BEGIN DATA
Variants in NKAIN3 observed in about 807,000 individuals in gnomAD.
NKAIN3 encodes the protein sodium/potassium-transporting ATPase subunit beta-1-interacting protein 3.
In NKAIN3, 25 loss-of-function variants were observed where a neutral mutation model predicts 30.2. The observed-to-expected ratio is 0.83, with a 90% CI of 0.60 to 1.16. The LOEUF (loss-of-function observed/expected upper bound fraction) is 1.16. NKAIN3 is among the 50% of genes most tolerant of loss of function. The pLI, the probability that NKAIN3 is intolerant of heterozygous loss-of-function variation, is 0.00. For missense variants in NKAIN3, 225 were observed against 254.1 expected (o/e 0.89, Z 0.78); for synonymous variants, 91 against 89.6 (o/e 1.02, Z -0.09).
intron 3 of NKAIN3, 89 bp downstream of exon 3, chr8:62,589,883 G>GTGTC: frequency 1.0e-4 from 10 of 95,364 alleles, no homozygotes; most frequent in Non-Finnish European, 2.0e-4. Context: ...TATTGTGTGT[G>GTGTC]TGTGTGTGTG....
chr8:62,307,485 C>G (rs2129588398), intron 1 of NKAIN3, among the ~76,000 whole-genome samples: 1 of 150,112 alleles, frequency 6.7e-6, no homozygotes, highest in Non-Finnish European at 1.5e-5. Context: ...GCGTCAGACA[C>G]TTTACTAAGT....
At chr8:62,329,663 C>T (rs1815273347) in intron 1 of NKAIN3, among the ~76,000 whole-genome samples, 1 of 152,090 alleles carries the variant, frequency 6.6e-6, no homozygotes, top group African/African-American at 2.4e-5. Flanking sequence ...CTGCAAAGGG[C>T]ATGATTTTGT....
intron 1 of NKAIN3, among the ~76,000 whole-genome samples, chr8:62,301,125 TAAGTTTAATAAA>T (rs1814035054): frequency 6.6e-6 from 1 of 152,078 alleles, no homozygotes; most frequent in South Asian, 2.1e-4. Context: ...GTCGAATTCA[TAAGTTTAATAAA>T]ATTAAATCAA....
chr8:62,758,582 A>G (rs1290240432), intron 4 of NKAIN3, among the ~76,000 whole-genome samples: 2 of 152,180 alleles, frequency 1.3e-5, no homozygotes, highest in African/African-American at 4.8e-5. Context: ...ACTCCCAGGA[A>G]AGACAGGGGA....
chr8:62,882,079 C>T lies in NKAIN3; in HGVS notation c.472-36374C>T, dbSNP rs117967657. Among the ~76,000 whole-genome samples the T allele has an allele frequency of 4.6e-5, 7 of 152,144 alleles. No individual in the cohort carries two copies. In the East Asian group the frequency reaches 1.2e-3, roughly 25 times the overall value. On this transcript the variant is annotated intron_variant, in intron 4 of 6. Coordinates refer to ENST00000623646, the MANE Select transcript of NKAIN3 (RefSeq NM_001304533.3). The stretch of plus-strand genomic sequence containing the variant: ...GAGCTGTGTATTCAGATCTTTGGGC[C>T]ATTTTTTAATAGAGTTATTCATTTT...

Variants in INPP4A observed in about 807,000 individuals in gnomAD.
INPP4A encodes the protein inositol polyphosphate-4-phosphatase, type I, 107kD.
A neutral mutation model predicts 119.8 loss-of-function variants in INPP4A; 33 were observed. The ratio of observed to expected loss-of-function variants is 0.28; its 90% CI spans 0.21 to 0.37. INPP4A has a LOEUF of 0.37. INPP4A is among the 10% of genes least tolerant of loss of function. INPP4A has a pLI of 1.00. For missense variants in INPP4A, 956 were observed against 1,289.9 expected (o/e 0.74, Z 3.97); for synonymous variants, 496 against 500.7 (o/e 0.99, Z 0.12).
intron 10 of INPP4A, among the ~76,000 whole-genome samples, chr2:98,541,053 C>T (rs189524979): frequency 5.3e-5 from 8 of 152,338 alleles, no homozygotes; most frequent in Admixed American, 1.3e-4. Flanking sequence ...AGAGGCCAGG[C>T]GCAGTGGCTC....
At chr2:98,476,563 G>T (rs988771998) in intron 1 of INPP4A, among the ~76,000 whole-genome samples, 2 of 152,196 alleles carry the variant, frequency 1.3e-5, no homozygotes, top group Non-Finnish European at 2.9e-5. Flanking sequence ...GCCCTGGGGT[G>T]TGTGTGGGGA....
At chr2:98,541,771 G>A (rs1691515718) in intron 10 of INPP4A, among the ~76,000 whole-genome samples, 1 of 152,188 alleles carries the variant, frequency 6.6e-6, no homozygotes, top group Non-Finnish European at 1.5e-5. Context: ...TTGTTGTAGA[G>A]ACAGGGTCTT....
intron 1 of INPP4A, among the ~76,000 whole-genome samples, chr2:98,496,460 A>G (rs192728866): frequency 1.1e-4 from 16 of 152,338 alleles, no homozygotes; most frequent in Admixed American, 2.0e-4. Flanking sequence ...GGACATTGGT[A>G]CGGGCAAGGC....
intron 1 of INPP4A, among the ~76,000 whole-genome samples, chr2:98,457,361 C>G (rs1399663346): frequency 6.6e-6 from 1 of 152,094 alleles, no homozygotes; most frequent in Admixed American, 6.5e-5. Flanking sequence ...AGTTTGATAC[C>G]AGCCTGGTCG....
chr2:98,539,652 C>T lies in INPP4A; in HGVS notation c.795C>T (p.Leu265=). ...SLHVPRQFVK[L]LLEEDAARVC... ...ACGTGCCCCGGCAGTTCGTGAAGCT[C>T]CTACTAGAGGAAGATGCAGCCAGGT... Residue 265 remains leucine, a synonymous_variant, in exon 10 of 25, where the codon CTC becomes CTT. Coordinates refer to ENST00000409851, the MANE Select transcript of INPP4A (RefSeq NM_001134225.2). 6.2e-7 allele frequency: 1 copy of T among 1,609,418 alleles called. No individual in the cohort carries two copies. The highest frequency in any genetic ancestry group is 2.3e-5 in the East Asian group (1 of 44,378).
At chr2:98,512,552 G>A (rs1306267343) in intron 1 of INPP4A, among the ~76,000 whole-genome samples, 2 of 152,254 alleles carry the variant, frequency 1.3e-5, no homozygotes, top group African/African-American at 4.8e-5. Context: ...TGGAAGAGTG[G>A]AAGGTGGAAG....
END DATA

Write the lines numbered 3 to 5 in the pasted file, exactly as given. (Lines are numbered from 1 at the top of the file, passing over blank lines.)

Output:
In NKAIN3, 25 loss-of-function variants were observed where a neutral mutation model predicts 30.2. The observed-to-expected ratio is 0.83, with a 90% CI of 0.60 to 1.16. The LOEUF (loss-of-function observed/expected upper bound fraction) is 1.16. NKAIN3 is among the 50% of genes most tolerant of loss of function. The pLI, the probability that NKAIN3 is intolerant of heterozygous loss-of-function variation, is 0.00. For missense variants in NKAIN3, 225 were observed against 254.1 expected (o/e 0.89, Z 0.78); for synonymous variants, 91 against 89.6 (o/e 1.02, Z -0.09).
intron 3 of NKAIN3, 89 bp downstream of exon 3, chr8:62,589,883 G>GTGTC: frequency 1.0e-4 from 10 of 95,364 alleles, no homozygotes; most frequent in Non-Finnish European, 2.0e-4. Context: ...TATTGTGTGT[G>GTGTC]TGTGTGTGTG....
chr8:62,307,485 C>G (rs2129588398), intron 1 of NKAIN3, among the ~76,000 whole-genome samples: 1 of 150,112 alleles, frequency 6.7e-6, no homozygotes, highest in Non-Finnish European at 1.5e-5. Context: ...GCGTCAGACA[C>G]TTTACTAAGT....